Aves mexicanus

One of the curious traits shared by birders and professional ornithologists is an abiding interest in bird names, both common and scientific. With respect to common (English) names, I have previously highlighted attempts at standardization in the 1830s (here), one recognizing a woman (here), one that is obscure and obsolete (here), a recent name change …

A Whiskey-Jack by Any Other Name

The year I turned 21, I got my dream job: seasonal naturalist at Algonquin Provincial Park. Algonquin, established in 1893, was only the second provincial park to be created in Canada, and the first to be designated to protect a natural environment [1].  This vast ‘wilderness’ area (7653 km2) is only 3 hours by car …

George Ord’s Warbler

I have always liked the Cape May Warbler. The male in spring is a handsome bird, but scarce enough here in eastern Ontario that I see only one or two every spring [1]. When I first saw one on migration at Long Point Bird Observatory in the 1960s, my friend and mentor David Hussell said …

The Peculiar Etymologies of Ross’s Birds

When I was first starting to learn about birds, I was particularly intrigued (and delighted) with the peculiar names that had come from old English (dunlin, cormorant) and other languages (guillemot, eider), and those that were onomatopoeic (cuckoo, chickadeee). I also assumed that those birds named after people (Audubon’s Warbler, Temminck’s Stint, Townsend’s Warbler) were …

Four Calling Birds

As this will be posted on Christmas day, I thought a post about my favourite Christmas song—and my second favourite song about birds [1]—would be in order. I particularly like The Twelve Days of Christmas because the words are secular, it originated in an 18th century memory game, the period celebrated is (or was) all …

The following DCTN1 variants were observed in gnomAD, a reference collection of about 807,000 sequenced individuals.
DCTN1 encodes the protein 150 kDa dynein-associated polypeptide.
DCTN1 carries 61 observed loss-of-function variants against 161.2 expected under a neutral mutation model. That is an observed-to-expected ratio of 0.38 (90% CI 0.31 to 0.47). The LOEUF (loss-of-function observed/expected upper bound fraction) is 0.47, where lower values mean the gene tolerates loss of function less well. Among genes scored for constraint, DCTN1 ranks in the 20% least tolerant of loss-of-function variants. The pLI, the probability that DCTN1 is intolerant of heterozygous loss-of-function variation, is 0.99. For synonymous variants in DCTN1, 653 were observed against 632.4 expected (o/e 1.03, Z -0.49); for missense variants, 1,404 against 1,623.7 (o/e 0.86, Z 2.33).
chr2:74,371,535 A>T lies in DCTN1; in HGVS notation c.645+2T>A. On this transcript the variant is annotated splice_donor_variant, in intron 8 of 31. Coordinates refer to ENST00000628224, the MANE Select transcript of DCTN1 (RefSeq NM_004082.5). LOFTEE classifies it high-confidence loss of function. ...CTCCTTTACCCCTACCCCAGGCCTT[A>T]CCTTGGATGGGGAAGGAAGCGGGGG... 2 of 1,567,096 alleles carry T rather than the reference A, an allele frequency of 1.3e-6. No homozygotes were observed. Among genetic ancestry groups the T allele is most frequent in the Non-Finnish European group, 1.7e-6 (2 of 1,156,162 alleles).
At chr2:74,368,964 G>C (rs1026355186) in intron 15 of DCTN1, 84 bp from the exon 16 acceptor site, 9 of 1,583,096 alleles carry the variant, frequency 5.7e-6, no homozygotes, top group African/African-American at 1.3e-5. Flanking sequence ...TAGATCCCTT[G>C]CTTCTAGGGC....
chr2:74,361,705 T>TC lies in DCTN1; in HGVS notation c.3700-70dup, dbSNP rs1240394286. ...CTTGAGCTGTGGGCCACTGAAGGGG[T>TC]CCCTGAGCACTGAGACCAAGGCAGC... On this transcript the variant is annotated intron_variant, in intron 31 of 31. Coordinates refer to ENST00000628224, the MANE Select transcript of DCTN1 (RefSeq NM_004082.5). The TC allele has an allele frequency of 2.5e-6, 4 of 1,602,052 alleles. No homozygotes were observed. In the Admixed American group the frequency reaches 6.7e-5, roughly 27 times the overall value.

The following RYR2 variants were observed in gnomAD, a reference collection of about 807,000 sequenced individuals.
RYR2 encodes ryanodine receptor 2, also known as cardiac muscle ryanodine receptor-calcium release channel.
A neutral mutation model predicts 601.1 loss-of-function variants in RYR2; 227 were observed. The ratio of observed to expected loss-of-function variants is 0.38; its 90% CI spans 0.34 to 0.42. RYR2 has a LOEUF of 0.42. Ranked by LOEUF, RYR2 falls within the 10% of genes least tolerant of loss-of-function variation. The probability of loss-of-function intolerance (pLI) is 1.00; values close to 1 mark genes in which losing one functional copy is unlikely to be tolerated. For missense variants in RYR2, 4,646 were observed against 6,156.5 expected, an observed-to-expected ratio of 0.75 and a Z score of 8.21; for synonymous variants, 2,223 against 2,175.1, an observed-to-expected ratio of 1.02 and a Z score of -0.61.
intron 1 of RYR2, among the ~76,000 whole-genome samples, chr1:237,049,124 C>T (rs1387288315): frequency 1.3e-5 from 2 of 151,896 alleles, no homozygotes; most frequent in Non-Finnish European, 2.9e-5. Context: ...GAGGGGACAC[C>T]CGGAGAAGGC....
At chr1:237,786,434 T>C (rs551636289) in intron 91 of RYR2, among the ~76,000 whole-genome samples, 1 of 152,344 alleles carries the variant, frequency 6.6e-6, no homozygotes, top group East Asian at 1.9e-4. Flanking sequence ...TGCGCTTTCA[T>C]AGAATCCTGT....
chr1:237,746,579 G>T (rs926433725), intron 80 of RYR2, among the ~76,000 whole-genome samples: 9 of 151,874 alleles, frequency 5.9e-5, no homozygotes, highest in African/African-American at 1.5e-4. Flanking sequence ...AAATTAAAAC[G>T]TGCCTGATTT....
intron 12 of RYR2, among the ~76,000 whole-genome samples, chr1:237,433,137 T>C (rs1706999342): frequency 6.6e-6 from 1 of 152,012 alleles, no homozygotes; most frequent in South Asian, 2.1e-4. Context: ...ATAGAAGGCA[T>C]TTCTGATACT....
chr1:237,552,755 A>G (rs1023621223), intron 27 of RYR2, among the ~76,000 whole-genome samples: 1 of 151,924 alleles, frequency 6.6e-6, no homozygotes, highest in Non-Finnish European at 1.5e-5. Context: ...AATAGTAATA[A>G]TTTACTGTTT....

Callow Youth

In science, controversies often arise over complex issues when researchers approach a problem from different points of view, backgrounds, and philosophies—think, for example, of the debates over nature vs nurture, selection vs drift, group vs kin vs individual selection, gradualism vs punctuated equilibria, and mechanisms of sexual selection. As Ledyard Stebbins pointed out in 1982, …

Bird Names Then and Now

Where did the English names for birds come from (and where are they going)? I discussed a few weeks ago some of the onomatopoeic bird names (cuckoo, for example), but many of the common bird names currently in use derived from other sources indicating some aspect of the bird’s appearance, place of discovery, or habits …

The First Penguins

While preparing a talk [1] last week about the early history of ornithology in North America, I wondered who might have been the first to describe and identify a bird on this continent. As far as I can tell, that was Jacques Cartier when he wrote, in 1534, about the ‘Apponat‘ (originally in French but …

What’s in a (Bird’s) Name?

My old friend and mentor Jim Baillie [1] used to delight in the fact that many of the birds we’d see in our birding trips around southern Ontario would say their name: killdeer, curlew, godwit, whip-poor-will, owl, crow, raven, flicker, phoebe, pewee, chickadee, (jay; but see below), veery, pipit, towhee, and bobolink. Jim sometimes gave …